Name: Joe Brejda
Alma Mater: Georgia Tech ’12
Occupation: Structural Engineer
Primary Volunteer Role: Chapter Counselor
“I was first inspired by Brother Dick Rodgers, IL Alpha ’52, to volunteer. Today, however, I’m inspired by the undergraduates — they motivate me to volunteer each day.”
How did Rodgers inspire you to volunteer?
Rodgers was the chapter counselor at Georgia Alpha long before I joined — before I was born, actually. When I joined SigEp, he had already seen it all. He would walk into a room and every brother there would go quiet and give him the utmost respect. You could see and feel his impact on the chapter. All of that stems from his love for SigEp and our brothers, with no thought of personal gain. He was just trying to give the same experience and brotherly love to the new generation that he was given as an undergraduate. He inspired me to volunteer with SigEp as an alumnus.
How do the undergraduates inspire you to volunteer today?
The undergraduates accomplish remarkable things, far beyond anything I did as an undergrad. Most of the time when I make a suggestion, they are three or four steps ahead of me. I’ll ask, “Did you try this?” They reply, “Yeah. We also did this, this and this, and are planning to do these next three things as well.”
My guys are leading the chapter and the campus to ever greater heights. I’ve been around to see brothers become student government vice presidents and IFC presidents. They also help run the freshman orientation for Georgia Tech, with nine brothers serving as facilitators. They are continually pushing the chapter GPA higher than it has ever been. These guys show over and over again what is possible.
I see it as my task to do my best to ensure these experiences lead to positive personal growth and learning. Whether through personal conversations, group discussions or simply challenging them in every way, I do everything I can to lead them a little further down the path to a successful and fulfilling life once they graduate. I simply want to be a part of that journey of growth and help in some small way.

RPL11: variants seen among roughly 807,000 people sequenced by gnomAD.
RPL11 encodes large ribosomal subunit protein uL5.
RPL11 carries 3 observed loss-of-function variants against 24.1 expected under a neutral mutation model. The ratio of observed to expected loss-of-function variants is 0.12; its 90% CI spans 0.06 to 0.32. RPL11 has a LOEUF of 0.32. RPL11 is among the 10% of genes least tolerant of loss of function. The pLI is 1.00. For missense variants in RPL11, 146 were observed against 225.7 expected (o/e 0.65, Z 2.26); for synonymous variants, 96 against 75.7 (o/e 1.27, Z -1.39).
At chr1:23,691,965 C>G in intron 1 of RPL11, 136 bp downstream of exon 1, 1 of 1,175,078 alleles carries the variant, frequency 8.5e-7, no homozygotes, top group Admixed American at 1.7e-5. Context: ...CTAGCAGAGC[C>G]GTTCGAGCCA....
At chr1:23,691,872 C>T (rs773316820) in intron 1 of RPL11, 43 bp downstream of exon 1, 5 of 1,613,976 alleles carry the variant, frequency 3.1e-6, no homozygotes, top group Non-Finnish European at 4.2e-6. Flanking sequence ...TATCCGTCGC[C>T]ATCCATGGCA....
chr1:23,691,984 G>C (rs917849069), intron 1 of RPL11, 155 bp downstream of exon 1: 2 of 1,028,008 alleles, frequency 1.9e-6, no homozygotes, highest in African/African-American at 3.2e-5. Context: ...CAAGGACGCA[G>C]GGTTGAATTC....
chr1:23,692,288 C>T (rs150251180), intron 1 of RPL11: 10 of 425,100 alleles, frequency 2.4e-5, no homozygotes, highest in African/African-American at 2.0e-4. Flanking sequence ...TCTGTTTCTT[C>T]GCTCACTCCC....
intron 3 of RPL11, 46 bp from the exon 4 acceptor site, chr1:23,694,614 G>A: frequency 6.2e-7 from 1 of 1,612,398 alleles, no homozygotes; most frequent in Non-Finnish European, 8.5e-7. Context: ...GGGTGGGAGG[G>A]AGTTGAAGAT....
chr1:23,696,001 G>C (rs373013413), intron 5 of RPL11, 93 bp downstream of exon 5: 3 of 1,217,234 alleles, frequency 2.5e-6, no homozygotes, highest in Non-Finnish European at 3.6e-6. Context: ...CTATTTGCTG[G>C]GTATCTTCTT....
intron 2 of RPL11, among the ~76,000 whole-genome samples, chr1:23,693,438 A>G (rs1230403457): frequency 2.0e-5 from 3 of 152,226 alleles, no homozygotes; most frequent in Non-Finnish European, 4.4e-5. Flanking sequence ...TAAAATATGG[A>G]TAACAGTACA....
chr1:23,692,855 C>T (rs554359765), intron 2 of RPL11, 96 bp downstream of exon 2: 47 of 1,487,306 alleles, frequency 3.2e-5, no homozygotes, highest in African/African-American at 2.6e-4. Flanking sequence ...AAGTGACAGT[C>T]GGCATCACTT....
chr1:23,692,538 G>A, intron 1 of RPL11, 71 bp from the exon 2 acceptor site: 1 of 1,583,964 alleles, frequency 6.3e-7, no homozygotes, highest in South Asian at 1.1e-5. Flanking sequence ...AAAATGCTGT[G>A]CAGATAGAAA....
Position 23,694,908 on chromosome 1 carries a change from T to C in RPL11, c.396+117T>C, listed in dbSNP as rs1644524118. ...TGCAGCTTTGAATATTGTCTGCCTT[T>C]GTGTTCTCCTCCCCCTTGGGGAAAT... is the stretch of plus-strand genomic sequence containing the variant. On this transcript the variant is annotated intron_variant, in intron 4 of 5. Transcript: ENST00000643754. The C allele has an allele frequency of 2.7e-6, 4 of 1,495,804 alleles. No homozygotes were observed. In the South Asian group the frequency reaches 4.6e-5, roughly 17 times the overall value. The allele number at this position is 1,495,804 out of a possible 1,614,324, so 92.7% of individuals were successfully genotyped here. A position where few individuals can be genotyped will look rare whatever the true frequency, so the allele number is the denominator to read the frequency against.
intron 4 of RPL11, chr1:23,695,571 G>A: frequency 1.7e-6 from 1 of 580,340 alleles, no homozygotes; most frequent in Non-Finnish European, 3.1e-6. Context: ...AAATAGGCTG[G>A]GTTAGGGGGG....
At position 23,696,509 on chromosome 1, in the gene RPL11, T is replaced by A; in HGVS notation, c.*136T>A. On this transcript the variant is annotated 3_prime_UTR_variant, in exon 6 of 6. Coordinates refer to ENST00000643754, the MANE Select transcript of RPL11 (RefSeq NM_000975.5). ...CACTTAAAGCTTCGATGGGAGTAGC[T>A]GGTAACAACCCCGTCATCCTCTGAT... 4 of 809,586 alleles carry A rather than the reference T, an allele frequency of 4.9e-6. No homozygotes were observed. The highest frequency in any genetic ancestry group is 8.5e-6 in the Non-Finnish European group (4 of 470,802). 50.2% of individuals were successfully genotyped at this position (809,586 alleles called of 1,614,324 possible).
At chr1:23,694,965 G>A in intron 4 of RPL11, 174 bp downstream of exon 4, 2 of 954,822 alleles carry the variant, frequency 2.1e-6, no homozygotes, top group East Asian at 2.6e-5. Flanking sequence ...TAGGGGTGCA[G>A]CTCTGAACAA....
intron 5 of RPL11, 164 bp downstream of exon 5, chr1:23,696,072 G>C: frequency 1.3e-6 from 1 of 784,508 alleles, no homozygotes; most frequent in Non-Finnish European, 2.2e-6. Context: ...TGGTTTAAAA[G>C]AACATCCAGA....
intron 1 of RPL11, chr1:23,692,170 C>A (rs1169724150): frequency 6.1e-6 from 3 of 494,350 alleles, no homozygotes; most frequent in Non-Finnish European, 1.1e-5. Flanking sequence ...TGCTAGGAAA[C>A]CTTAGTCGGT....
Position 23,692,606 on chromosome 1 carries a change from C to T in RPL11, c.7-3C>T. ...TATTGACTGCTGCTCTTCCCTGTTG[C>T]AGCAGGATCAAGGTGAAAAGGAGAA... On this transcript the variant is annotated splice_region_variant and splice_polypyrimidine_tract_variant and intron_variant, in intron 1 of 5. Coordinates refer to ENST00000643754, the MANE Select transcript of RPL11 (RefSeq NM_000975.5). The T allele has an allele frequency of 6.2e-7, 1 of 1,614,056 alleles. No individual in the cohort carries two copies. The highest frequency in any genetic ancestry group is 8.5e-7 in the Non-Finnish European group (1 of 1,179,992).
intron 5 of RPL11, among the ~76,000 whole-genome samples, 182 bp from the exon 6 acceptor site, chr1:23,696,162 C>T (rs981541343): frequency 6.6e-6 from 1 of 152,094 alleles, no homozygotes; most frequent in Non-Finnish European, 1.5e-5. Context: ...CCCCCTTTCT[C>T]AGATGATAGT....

What has been the most meaningful moment for you as a volunteer?
I have built solid relationships with many of the guys and they know I am available to help, but I don’t usually get a text or call to chat [about] something minor or casual. One Saturday morning, I got a text from a brother asking me if I could come to the chapter house and talk. The brother had a lot going on in his life and really needed some support and advice. I understood what he was going through and, as I sat and listened, I thought about how hard it is to reach out like he did.
It was the moment I realized I am making a difference and helping people. The seemingly little, unimportant moments that build that kind of trust are suddenly more than worth it. All of those hours spent around the house talking to the guys and simply being there without being needed, all added up to the one moment a brother needed help and made the decision to call me. Any volunteer who has had one of those experiences knows how indescribably awesome the feeling is — to truly feel you are making a difference in someone’s life.
Volunteering with SigEp helps keep me grounded. It reminds me that everyone has their own struggles and ambitions and that we all need help. Every time I talk to one of my undergrads, it causes me to reflect on my own situation and puts things into perspective.
What has volunteering for SigEp taught you?
From the outside, you can really see the impact the organization and its brothers have on each other. The timeless wisdom of our Ritual is made far more visible when you step back and look at the brothers from outside of the organization. SigEp certainly helped me get through college, but I never realized how common it was or how much the brothers rely on each other, especially to help them through the tough times that we all have.
I have also personally learned greater patience and empathy. When I step back and look at the situations different brothers are dealing with, I am grateful for my own situations and far more open to what is going on behind the scenes in other people’s lives. I have learned to look past outward behavior and discover the “why” behind someone’s actions. This is a prerequisite to Brotherly Love: You must first completely understand the other person. Only after you understand fully can you even hope to help them.
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